Chancellor Angela Merkel spoke of Germany's "everlasting responsibility" to oppose anti-Semitism during a visit to Israel on Thursday as she and Prime Minister Benjamin Netanyahu brushed past their differences and promoted cooperation between their nations.
The one-day visit by Merkel and members of her cabinet was part of German-Israeli government consultations held regularly, but came after Netanyahu's harsh criticism of European countries over their efforts to keep alive the Iran nuclear deal.
Germany and other European countries have also repeatedly hit out at Israeli settlement building in the occupied West Bank and warned over threats to remaining prospects for a two-state solution to the conflict with the Palestinians.
But both leaders seemed determined to have the visit run smoothly, greeting each other warmly after Merkel's arrival on Wednesday night and touring an innovation exhibit together on Thursday.
Merkel began the day with a visit to Israel's Holocaust memorial high in the hills above Jerusalem.
After laying a wreath in the Yad Vashem memorial's solemn Hall of Remembrance, where an eternal flame burns, she spoke of Germany's responsibility as the perpetrator of the Holocaust.
"From this comes the everlasting responsibility of Germany to remember this crime and to oppose anti-Semitism, xenophobia, hatred and violence," she said, reading out the message she wrote in the memorial's guest book.
Later after receiving an honorary doctorate from Israel's Haifa University, she answered questions from students and touched on the Iran nuclear deal.
Netanyahu has urged European nations to follow the lead of US President Donald Trump and withdraw from the accord with his country's main enemy.
Germany, like other signatories to the deal, says it is preventing Iran from obtaining nuclear weapons for now.
Merkel noted the Iranian presence in neighbouring Syria and how that has exacerbated the threat from Israel's enemy.
She said the nuclear deal would be discussed further with Netanyahu.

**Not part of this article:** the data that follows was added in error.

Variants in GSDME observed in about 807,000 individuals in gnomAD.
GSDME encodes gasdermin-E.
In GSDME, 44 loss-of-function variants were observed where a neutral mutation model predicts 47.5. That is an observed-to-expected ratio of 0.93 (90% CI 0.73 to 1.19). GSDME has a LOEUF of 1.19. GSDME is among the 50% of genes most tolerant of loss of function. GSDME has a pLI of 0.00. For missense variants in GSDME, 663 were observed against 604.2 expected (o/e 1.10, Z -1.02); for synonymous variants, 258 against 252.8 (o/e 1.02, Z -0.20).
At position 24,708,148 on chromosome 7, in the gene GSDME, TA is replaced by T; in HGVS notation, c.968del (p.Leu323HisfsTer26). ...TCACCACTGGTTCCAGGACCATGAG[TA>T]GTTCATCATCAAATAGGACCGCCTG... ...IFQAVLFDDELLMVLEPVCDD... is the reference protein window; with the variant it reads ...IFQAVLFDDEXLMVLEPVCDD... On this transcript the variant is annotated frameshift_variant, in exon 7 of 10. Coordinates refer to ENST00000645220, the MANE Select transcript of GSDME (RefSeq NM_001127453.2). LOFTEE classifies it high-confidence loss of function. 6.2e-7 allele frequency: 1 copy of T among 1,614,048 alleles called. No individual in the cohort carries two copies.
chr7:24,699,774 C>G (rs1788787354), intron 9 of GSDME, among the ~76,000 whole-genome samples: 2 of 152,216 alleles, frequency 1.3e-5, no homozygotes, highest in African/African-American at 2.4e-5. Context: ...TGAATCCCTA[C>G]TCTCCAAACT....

"On the principle that everything must be done to prevent nuclear armament, we absolutely agree," she said.
Germany says the joint government meeting on Thursday afternoon will focus on economic ties, innovation and technology, while noting that the consultations have been in place for 10 years.
Felix Klein, who heads the German government's fight against anti-Semitism, is part of the delegation. Fears over a resurgence in anti-Semitism in Germany are expected to be discussed.
Merkel said ahead of the trip that there was "unfortunately a lot of anti-Semitism" in Germany, while also noting the two countries were linked by a "unique relationship".
There was however no shortage of controversy in the run up to the visit.
Netanyahu's criticism of Europe related to Iran has been especially strong, and last week at the UN General Assembly he accused EU nations of "appeasement".
At the same time, Germany has remained steadfast in its support for a two-state solution and in recent weeks joined calls against Israel's planned demolition of a Bedouin village located in a strategic area of the occupied West Bank.
On Wednesday, children from the village, Khan al-Ahmar, held signs with Merkel's picture outside the German representative office in Ramallah to ask for help.
Speaking to students from Haifa University, Merkel denied a report that she threatened to cancel the trip if Israel moved ahead with demolition of the village beforehand.
Yoram Ben-Zeev, a former Israeli ambassador to Germany, said Merkel would likely only "go through the motions" during the visit on issues related to the conflict with the Palestinians.
"I think that for the time being she's lost hope that things can move," Ben-Zeev told AFP, noting Trump's confusing statements on the conflict, Netanyahu's right-wing stance and Palestinian president Mahmud Abbas's unpopularity.
"Why should she put her hands in the fire?"
The last joint government consultations in 2017 were postponed, with scheduling conflicts cited as the official reason.
There were reports however that Merkel was unhappy with a law passed then related to Israeli settlement building in the occupied West Bank.
The same year, a visit to Israel by Germany's then-foreign minister Sigmar Gabriel ended in acrimony when Netanyahu cancelled their meeting.
Netanyahu made the decision after Gabriel refused to call off meetings with rights groups critical of Israel's government.